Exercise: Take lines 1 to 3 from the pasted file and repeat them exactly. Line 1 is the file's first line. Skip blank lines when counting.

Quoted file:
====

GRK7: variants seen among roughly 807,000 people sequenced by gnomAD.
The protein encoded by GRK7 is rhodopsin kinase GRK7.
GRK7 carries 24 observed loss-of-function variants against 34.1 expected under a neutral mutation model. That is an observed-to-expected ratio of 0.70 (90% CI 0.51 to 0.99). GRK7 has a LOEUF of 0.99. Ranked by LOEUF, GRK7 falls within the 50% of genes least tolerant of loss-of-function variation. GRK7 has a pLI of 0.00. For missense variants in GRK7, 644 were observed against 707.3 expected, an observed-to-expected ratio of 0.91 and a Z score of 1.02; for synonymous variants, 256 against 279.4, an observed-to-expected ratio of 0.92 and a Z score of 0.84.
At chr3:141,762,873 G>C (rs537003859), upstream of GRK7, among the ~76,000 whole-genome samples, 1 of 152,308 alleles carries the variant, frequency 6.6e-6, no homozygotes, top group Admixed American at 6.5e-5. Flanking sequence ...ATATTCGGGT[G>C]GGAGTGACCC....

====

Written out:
GRK7: variants seen among roughly 807,000 people sequenced by gnomAD.
The protein encoded by GRK7 is rhodopsin kinase GRK7.
GRK7 carries 24 observed loss-of-function variants against 34.1 expected under a neutral mutation model. That is an observed-to-expected ratio of 0.70 (90% CI 0.51 to 0.99). GRK7 has a LOEUF of 0.99. Ranked by LOEUF, GRK7 falls within the 50% of genes least tolerant of loss-of-function variation. GRK7 has a pLI of 0.00. For missense variants in GRK7, 644 were observed against 707.3 expected, an observed-to-expected ratio of 0.91 and a Z score of 1.02; for synonymous variants, 256 against 279.4, an observed-to-expected ratio of 0.92 and a Z score of 0.84.